This is a whopping $9,258 difference between a true tax deferred investment and a taxed investment. Basically the taxpayer is earning money on the tax that otherwise would have to be paid. To gain the maximum benefit for an IRA the taxpayer should begin early in life depositing money into their Individual Retirement Account.
Once you get to retirement age, it is time to withdraw the money. Well, there are rules regarding distributions.
Distribution Rules for IRA’s
Your traditional IRA’s are subject to the same rules used with employer provided retirement plans. To begin, the most important rule is that you MUST begin to take distributions from your IRA no later than April 1 following the calendar year you turn 70 and ½ years old. As an example: if your birthday falls in November, you will turn 70 and ½ in May of the following year. This means that you must begin to take distributions by April of the next year. Basically, if your birthday is in November you can wait until you are 71 years and 4 months old to begin taking distributions.
The required minimum distribution is a formula based on the UNIFORM LIFETIME TABLE. This table basically determines the expected remaining life for the taxpayer based on their age once they hit age 70. In effect, the minimum distribution is lower at age 70 than at age 80. Essentially the table forces the taxpayer to continuously increase their minimum percentage as they age in order to deplete the IRA balances and pay the associated income taxes. There is no minimum requirement prior to age 70.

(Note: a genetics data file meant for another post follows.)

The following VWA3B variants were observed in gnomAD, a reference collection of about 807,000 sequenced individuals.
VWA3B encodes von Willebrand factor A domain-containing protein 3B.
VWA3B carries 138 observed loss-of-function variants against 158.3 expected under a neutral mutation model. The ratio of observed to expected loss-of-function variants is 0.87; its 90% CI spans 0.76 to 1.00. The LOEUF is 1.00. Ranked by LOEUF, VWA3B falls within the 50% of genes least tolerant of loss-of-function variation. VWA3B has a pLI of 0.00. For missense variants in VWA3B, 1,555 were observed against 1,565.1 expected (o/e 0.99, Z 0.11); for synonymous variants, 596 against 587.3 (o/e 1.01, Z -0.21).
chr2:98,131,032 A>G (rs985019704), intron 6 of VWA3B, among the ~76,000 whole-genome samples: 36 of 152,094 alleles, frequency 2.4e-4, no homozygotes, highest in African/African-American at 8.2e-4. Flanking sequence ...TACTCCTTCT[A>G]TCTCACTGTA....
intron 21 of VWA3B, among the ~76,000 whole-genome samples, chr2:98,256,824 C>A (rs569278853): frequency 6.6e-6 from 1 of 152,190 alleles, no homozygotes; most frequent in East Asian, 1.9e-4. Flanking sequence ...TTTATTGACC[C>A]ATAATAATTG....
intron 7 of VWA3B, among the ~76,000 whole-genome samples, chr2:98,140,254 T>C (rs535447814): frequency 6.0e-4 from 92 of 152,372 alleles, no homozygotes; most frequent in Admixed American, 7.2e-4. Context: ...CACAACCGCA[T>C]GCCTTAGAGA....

In layman’s terms, at age 70 you will need to take at least 3.65% of your total IRA account balance as a distribution to stay in compliance. At age 80, you are required to take at least 5.35% of your total account balance. If you should live to age 115, you are required to take 52.7% of your remaining IRA balance. If you live to age 116, you can do whatever you want because it will take the IRS several years to figure it out and you’ll be dead anyway!
Most retirees defer taking distributions from their IRA’s until the required deadline and use other resources in the interim during the retirement years.
Summary – Individual Retirement Accounts
These are the most basic rules related to IRA’s. There are a bunch more rules but they involve early withdrawals which generally have abusive tax penalties. Other issues relate to death or early retirement. I have another article that gets into the nuances of these particulars. Since they are rather detailed and not really applicable for an introduction article, I did not discuss them here.
The main point of this article is that IRA’s act as a filler plan for many Americans that do not have access to an employer provided retirement plan. In addition, it augments existing employer plans especially those that provide only minimum contributions on behalf of the employee. Contributions are tax deductible and tax deferred while those funds reside in the IRA account. The tax deferral benefit allows the account balance to grow at a much faster rate than the traditional taxed forms of savings.
The final basic rule requires owners of IRA accounts to take minimum distributions once they reach age 70 and ½. The required minimum distribution increases as the retiree ages.
As a taxpayer and for your personal financial health you should take advantage of the IRA and begin to save money now. Act on Knowledge.